The Sunday Week in Review, 24-30Aug2020

Georgia COVID-19 Updates

Hello from somewhere outside of St. Louis! If you’ve ever wondered how someone like me would handle a cross country move in the most disease risk-aversive manner, the answer is with a camper. We have our own bathroom, kitchen, beds, etc.


Total tests performed decreased further this week. The percent positive rate rose this week also, from 9 to 9.8%


In the first graph below you'll see cumulative cases to date broken down by county type. Previously, I’ve shown this graph since the beginning of the pandemic, but I have since truncated it to when we reopened the state on 24Apr. I've marked the last four weeks with blue arrows.

The number of new cases (by date of report) is as follows:
- 24 hours: 1215 (+0.5%)
- 7 days: 15,024 (+5.9%)
- 4 weeks: 75,796 (+39.2%)

The new statewide total is 268,873 which means that of all the cases that have been recorded, 28.2% were reported in the past 4 weeks. That is a reduction compared to last week (33.9%).

From the case bar graph you can see that I often break cases and deaths down by county category. But considering there will be very disparate population densities in those areas, it’s important to see how intense disease is in these counties when adjusted for population. By county type, the 7-day case rate per 100,000 is as follows:

The rate for Georgia as a whole is shown in the bold black line. This makes it easier for us to see that rural and nonrural counties have a higher rate than the state average and the Atlanta metro is below the statewide average. Knowing this might help us know where to target outreach efforts and public health interventions. From the beginning of the pandemic to now, rural counties are being hit harder than any other county type. That’s despite having a lower population density and thus less opportunity for the disease to spread.

Below is a breakdown of how new cases were distributed by age this week (red) compared to last week (blue). There are decreases in every category except those over 80 and those 18-29. The latter is perhaps not unsurprising since colleges are ramping up their surveillance and testing. Young adults, aged 18 - 29 remain our largest age group for new cases. More broadly, the majority of cases are among working age adults.

Something else that’s interesting is how the new cases are distributed by race over the past month.

Cases are increasing among White and Asian populations each week, despite the overall case rate decreasing over that same time. Cases are decreasing each week for the Black / African - American population. Also notice that the number of unknown race cases is decreasing each week which may be a sign that cases are being reported with more complete information or that contact tracers are having an easier time managing their work load as cases have decreased this month.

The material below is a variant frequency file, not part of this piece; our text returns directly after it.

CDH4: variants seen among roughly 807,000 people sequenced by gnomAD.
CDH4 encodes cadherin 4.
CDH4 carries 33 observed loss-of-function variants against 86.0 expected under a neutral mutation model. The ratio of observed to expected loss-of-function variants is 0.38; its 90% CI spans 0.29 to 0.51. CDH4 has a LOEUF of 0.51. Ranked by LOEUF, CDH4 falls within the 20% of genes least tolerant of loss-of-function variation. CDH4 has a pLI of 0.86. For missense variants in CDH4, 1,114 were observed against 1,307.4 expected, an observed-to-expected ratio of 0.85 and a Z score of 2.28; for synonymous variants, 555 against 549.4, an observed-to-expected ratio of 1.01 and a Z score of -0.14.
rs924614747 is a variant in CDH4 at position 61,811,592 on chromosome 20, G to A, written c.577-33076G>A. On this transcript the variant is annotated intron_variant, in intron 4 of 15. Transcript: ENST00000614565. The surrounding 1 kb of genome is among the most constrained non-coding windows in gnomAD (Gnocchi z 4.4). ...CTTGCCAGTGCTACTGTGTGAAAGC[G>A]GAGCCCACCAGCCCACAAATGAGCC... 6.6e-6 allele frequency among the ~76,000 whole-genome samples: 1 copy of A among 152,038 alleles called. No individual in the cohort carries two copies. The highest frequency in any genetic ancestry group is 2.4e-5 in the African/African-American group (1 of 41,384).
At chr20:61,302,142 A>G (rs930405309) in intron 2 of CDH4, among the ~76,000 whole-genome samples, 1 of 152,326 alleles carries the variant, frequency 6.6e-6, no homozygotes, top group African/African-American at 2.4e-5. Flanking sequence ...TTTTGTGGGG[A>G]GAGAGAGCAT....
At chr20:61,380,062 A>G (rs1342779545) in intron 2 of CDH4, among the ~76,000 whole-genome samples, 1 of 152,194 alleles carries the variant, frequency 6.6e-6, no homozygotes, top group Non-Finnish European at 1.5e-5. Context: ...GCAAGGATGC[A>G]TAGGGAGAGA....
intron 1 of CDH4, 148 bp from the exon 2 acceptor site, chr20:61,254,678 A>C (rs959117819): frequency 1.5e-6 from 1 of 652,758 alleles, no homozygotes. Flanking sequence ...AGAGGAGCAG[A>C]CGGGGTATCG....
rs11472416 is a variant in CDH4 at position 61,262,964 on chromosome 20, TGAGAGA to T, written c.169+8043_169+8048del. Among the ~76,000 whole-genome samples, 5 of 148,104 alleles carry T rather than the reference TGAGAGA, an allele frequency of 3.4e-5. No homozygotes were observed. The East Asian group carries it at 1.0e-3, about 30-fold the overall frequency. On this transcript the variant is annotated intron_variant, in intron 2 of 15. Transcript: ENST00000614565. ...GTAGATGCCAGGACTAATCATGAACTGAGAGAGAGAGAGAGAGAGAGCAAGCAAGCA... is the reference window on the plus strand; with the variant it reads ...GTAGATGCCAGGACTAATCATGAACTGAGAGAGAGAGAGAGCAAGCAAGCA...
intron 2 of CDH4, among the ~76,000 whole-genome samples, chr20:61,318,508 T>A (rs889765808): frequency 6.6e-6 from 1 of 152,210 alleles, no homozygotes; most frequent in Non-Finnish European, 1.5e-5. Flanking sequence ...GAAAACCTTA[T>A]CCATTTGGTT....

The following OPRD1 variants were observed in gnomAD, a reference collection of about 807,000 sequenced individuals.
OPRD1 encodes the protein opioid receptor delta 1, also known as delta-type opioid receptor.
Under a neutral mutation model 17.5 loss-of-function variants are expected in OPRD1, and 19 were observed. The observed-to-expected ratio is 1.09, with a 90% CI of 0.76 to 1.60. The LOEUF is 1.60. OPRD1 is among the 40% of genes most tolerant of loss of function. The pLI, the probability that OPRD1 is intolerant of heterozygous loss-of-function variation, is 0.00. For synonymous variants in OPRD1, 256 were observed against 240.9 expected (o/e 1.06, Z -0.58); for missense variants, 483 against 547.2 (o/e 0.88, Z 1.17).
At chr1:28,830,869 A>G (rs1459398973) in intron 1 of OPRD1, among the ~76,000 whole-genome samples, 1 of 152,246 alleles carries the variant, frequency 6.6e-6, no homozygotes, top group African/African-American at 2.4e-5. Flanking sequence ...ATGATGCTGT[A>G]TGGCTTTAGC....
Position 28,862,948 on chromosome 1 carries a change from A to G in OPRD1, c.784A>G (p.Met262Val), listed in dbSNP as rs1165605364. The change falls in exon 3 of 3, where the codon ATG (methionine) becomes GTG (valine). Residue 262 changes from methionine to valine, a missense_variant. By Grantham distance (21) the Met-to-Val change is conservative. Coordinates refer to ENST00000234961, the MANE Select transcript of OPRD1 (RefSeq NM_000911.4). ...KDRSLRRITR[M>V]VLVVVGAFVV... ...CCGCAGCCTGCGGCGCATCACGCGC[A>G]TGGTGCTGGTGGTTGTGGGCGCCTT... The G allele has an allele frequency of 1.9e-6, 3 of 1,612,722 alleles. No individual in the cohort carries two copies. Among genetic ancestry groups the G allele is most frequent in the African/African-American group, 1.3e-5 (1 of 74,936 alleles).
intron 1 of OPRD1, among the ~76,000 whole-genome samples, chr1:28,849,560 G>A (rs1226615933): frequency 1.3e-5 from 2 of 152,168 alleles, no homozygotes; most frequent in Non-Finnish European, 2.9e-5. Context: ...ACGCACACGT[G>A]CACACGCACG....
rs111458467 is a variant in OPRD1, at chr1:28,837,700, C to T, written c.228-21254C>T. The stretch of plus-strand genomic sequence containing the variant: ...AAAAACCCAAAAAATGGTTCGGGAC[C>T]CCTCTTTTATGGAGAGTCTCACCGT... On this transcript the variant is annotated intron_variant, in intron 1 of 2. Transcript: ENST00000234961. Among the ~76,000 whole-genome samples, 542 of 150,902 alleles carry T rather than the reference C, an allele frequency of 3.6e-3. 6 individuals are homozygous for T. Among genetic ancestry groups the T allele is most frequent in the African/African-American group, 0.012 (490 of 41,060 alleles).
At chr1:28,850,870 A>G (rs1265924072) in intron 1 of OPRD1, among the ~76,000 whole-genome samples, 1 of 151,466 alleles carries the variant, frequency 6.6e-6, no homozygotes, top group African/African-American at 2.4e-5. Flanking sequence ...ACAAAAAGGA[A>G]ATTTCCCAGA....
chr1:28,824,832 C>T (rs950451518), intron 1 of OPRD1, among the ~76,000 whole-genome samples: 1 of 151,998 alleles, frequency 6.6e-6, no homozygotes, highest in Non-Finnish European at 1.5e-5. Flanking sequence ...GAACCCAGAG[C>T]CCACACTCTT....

Current hospitalizations are down below 2000, somewhere we haven’t been since early July.

New hospital admissions have leveled off. Together, that probably indicates that people are being admitted, but staying in the hospital for a shorter length of time than before.

Here’s how the new hospital admissions from this week compare to last week, by age. Hospitalizations have decreased for many age groups. But increases are noted for those 18-29 and 40-49.


The number of new deaths (by date of report) is as follows:
- 24 hours: 28 (+0.5%)
- 7 days: 472 (+9.2%)
- 4 weeks: 1,764 (+45.9%) <- a new record

The new statewide total is 5,604 which means that of all the cases that have been recorded, 31.5% were reported in the past 4 weeks, nearly equal to last week. Our deaths are continuing to climb as we saw our cases accelerate last month. Deaths are a lagging indicator compared to cases. So we will have a better sense of whether our current “decline” in cases is real depending on what happens with deaths. If the deaths continue to climb, it likely means that cases have also been continuing to climb (to feed that climbing death rate) but we weren’t able to properly see them due to problems with testing output.

Here’s how Georgia fatalities have broken down by age and sex.

We had two new pediatric deaths this week. All but one of the deaths in those 19 and under have been male and all but one of them had an underlying condition. Males predominate in all age groups up to 79.

And here is how fatalities (cumulative) have been distributed by age and race.

Finally, here is how deaths this week compare to the previous week, broken down by age. There are increases for those aged 40-69 and especially those over the age of 80.

And here is how deaths have been distributed by race week to week this month.

Combined Data

When we look at weekly totals for cases, hospitalizations and deaths, cases continue to decline, but hospitalizations are slowing their descent. Meanwhile, deaths are continuing to increase. The surge in deaths began three weeks after the surge in cases. We might not expect the decline in deaths to start three weeks after the decline in cases begins (in fact, we can see that has NOT happened). Hopefully we will see the decline in deaths, if it is coming, in next week’s numbers.

Lastly, there have been 690 cases and 11 deaths newly reported this week among healthcare workers. There have been 15,679 cases and 103 deaths among healthcare workers since the start of the pandemic.


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My Ph.D. is in Medical Microbiology and Immunology. I've worked at places like Creighton University, the Centers for Disease Control & Prevention and Mercer University School of Medicine. All thoughts are my professional opinion and should not be considered medical advice.